T-Model Ford

At one time I listened to a lot of blues music. Back in the early 80s when I was in university, I would go into the listening room at the York U library and sign out all sorts of obscure blues records, and sit down at one of the listening stations – each one of them had a turn-table and head-phones, and listen while I worked on assignments (some days I may have done more listening and less working).

I was attracted to blues that emphasized the song and the groove and I was never much interested in extended blues guitar solos.   Over the years, my musical tastes changed quite a bit, and I found myself listening to less and less blues, but still there are some performers who get my attention anytime I hear them. T-Model Ford is one of those. Ford was born in the early 20s and passed last summer. He didn’t start a musical career until he was in his early 70s. Here are a few performances I really enjoy, found on YouTube…

 

Meet me at the Bottom

Not much to say tonight. My brain is running on empty and needs recharging. I’m tired, and I think I might just play some banjo for a short while and hit the hay early..

While I do that, why don’t you listen to some blues. Here’s one of my all-time favourite blues performances. I love the way this one builds. It’s Howlin Wolf playing Meet me at the Bottom. If the blues had to stop at some point, if there was going to be a moratorium on the blues, this would be a good place to stop.

Blues Time

Feeling like a little blues. Here’s the Samantha Fish Band playing Sucker Born on a cigar box guitar (just because I like all kinds of folk music)

Don’t start me talkin’….

Here’s Weird Bob covering one of my fave Sonny Boy Williamson tunes – Letterman.

And of course here’s Sonny Boy.

I’m going to spare you the New York Dolls and Doobie Brothers versions and go right to James Cotton

Careless Love

I first heard Sleepy John Estes & Hammie Nixon back in about 1980 in the listening room at the York University Library. I discovered they had a marvelous collection of blues greats on vinyl and I decided I wanted to listen to them all. The room was set up with little cubicles with turntables and headphones and you could ask for any of the recordings they had and play them all afternoon. I’d bring in my books and I’d sign out a few records with the intent of studying while I listened.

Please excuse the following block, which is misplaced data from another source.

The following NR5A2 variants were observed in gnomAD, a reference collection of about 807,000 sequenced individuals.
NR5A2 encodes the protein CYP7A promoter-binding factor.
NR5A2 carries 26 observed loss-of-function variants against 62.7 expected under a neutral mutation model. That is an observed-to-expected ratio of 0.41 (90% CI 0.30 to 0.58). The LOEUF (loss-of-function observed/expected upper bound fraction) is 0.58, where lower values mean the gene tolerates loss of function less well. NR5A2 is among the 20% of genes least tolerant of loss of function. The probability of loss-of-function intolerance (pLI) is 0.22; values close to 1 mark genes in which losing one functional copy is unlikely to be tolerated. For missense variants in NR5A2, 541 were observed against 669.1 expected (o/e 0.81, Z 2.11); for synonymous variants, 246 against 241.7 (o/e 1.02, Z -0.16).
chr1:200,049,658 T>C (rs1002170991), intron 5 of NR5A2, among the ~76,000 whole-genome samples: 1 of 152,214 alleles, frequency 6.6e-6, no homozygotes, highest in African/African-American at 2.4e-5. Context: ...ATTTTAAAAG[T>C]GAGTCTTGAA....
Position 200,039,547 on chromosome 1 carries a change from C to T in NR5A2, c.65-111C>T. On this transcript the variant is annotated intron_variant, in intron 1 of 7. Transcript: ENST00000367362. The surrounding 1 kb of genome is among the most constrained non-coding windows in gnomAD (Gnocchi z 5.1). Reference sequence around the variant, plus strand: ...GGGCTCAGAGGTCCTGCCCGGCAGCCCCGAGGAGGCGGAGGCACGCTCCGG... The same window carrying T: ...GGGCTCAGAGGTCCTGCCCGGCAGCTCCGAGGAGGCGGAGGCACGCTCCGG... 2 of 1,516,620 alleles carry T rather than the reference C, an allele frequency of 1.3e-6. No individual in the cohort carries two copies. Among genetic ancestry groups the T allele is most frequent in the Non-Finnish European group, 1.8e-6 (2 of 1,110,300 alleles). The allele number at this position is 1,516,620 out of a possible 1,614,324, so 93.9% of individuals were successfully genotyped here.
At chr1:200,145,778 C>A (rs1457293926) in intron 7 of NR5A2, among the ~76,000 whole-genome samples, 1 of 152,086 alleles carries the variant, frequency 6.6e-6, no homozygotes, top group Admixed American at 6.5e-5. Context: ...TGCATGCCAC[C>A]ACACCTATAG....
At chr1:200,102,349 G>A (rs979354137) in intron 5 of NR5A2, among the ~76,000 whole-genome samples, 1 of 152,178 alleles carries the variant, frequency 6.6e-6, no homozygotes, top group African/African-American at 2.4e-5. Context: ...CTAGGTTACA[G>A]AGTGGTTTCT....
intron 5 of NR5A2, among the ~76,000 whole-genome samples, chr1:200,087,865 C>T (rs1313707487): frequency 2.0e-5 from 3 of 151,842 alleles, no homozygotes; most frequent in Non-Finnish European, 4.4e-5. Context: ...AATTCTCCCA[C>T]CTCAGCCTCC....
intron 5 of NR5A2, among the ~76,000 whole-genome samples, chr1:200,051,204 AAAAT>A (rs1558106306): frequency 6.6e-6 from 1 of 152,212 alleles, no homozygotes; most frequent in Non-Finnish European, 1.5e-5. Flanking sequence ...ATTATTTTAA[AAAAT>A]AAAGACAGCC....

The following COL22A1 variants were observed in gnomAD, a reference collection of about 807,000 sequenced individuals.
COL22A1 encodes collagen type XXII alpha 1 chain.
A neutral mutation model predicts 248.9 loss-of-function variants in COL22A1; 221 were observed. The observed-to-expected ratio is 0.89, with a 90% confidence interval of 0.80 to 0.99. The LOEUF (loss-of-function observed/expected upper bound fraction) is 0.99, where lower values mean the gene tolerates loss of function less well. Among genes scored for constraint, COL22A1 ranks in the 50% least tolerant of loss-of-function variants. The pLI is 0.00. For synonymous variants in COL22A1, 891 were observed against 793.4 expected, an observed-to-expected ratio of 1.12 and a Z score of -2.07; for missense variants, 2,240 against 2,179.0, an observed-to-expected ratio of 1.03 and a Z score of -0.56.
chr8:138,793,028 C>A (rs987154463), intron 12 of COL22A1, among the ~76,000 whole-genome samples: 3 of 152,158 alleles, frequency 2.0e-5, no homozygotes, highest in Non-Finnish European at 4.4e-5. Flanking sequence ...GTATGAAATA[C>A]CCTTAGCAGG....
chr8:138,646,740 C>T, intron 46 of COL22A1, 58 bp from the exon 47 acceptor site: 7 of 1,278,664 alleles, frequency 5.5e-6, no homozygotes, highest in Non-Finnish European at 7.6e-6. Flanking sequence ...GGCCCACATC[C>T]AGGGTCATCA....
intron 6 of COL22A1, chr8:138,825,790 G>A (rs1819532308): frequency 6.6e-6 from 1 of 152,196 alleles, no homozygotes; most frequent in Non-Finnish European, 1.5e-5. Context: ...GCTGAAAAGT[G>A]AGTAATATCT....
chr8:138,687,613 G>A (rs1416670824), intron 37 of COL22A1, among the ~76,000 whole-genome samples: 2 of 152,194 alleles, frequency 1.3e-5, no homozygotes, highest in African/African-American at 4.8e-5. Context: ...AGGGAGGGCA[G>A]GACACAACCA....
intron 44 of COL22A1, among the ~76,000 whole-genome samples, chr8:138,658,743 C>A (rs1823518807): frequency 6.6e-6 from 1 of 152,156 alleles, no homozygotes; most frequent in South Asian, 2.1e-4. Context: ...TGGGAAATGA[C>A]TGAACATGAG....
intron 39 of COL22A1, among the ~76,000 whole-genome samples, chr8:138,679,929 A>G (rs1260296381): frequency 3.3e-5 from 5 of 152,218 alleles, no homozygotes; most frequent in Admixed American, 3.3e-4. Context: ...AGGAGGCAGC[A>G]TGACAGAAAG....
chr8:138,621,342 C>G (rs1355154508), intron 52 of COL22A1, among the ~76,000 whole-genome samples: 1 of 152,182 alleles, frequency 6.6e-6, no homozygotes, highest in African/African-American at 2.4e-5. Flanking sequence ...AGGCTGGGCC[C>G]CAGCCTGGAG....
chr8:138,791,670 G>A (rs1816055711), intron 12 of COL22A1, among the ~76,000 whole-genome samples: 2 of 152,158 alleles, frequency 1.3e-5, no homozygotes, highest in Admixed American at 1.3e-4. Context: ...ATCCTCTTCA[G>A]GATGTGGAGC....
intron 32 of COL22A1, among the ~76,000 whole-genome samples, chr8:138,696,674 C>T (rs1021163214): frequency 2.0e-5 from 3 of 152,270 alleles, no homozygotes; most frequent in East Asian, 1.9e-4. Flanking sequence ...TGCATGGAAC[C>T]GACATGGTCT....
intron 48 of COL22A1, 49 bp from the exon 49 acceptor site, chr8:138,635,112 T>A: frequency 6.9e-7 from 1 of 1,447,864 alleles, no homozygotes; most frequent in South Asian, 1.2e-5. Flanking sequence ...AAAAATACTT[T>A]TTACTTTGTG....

Instead, the music pulled me in and I’d spend hours in there exploring all these fantastic blues. I listened to Sleepy John and Hammie and I listened to Big Joe Williams, King of the Nine String and both Sonny’s Boy Williamson and I listened to Sonny Terry and Brownie McGhee and Leadbelly and Son House and Skip James and Elmore James and Robert Pete Williams and on and on.

These were records, vinyl records. Fantastic objects, complete with static and bits of dust and a scratch here and there, and record covers and liner notes. These were albums. And they were hi-fi. They were real, they took up space. 33 and a third….does that mean anything to you?

 

 

Robert Pete Williams

I think I first heard Robert Pete Williams’ music in 1980 in the Listening Room at the York University library. They had a great collection of blues music there and a bunch of turntables. You could sign out records (some of you may remember those) and headphones. I used to take my homework up there as if I was going to do the homework while listening to selections from their collection, but I always forgot about the homework part when I started listening to the music. It was magical. I heard all these performers I had never heard of before playing these wonderful idiosyncratic blues. It was magic.

King of the Nine String

Tonight’s Daily Dose features Big Joe Williams, the King of the Nine String guitar. Wait, he’s the only guy who played a nine string guitar. He modified a six string. That makes him the king.

If I had my way….

I don’t know that the Daily Dose has ventured into Rev. Gary Davis territory before. If not, it’s about time. Way back when I was a teen-aged blues freak, I found a Rev. Gary Davis record in some little record shop, just sitting there waiting for me in the blues section. It was in the blues section because there wasn’t any other place in this record shop to put it. Rev. Gary Davis played music that messed with gospel, ragtime and blues too. He was a very powerful performer. I was maybe 14 or 15 when I heard a recording of Davis singing Twelve Gates to the City and I had never heard anything like it before.

Here’s some stories about Rev. Gary Davis.